PARIS, April 15 (Reuters) - A strike at France’s public radio operation ran out of steam on Wednesday, journalists at the company said, ending four weeks of daily reminders to listeners that the unpopular Socialist government had been unable to stop it.
Radio France’s longest strike on record left listeners switching to private broadcasters and embarrassed President Francois Hollande’s government.
The hardline CGT union, the last to still be on strike after others decided to end it on Tuesday, decided drop its action from Thursday afternoon.
Unions were concerned jobs would be lost under spending cuts sought by the government after years of heavy losses at Radio France, a public-service entity that includes two orchestras as well as local, national and international radio networks.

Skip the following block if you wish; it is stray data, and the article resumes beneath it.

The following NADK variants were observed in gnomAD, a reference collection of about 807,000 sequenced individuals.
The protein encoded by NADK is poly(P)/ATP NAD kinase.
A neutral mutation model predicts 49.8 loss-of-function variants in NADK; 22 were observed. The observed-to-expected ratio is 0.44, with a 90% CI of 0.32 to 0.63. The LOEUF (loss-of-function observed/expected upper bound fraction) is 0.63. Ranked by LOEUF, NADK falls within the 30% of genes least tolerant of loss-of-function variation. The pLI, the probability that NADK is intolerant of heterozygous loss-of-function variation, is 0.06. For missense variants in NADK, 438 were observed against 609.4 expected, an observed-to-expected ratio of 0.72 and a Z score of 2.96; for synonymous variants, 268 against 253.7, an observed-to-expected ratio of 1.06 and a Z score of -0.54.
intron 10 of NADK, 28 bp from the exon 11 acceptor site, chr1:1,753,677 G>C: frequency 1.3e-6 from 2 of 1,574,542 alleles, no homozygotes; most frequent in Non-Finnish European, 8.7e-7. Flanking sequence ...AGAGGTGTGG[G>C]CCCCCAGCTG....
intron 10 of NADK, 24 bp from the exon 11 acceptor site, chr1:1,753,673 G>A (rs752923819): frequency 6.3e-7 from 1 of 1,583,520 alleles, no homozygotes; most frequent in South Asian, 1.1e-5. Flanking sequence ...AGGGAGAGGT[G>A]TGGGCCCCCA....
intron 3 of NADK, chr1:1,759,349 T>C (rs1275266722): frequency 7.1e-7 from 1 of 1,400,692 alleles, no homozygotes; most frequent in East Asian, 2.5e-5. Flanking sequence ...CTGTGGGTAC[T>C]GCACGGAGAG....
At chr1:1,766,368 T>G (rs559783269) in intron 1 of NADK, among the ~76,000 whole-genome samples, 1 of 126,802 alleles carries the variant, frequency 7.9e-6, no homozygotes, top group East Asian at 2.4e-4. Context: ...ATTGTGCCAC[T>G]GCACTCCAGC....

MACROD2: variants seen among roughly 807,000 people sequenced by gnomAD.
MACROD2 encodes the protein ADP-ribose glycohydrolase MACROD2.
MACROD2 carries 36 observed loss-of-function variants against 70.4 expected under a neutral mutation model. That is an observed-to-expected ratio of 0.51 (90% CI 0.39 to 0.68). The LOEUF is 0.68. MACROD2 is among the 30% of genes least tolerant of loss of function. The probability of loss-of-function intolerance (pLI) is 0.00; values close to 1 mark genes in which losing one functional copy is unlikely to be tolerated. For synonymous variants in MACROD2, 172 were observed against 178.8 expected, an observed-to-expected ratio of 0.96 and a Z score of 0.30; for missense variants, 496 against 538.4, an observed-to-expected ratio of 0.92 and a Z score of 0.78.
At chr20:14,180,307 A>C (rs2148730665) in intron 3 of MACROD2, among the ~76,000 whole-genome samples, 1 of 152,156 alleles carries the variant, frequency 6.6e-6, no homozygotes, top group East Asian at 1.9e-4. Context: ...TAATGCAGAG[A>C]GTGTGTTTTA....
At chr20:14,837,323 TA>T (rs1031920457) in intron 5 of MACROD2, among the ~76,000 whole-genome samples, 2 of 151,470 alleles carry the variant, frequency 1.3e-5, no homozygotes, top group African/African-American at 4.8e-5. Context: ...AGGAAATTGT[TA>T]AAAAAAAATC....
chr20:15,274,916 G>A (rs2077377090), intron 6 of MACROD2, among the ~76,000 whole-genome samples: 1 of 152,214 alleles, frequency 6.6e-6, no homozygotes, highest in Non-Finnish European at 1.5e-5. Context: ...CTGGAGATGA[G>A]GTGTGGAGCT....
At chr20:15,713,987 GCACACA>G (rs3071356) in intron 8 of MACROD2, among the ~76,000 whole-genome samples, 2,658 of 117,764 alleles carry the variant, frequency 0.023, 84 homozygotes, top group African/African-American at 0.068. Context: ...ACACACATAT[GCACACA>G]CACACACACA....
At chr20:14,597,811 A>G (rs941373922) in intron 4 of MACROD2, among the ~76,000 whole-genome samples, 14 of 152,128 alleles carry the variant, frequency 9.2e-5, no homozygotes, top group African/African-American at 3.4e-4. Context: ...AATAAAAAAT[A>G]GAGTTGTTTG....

Radio France’s youthful chief Mathieu Gallet, a former advisor to conservative ex-president Nicolas Sarkozy, had set a target of 50 million euros ($53.4 million) in savings by 2019 and proposed cutting 200 to 300 jobs through voluntary redundancies, out of a staff of some 4,900.
Relations with management further deteriorated after press revelations last month that renovation work in Gallet’s office cost 100,000 euros.
$1 = 0.9368 euros Reporting by Gregory Blachier; Writing by Leigh Thomas; Editing by Andrew Callus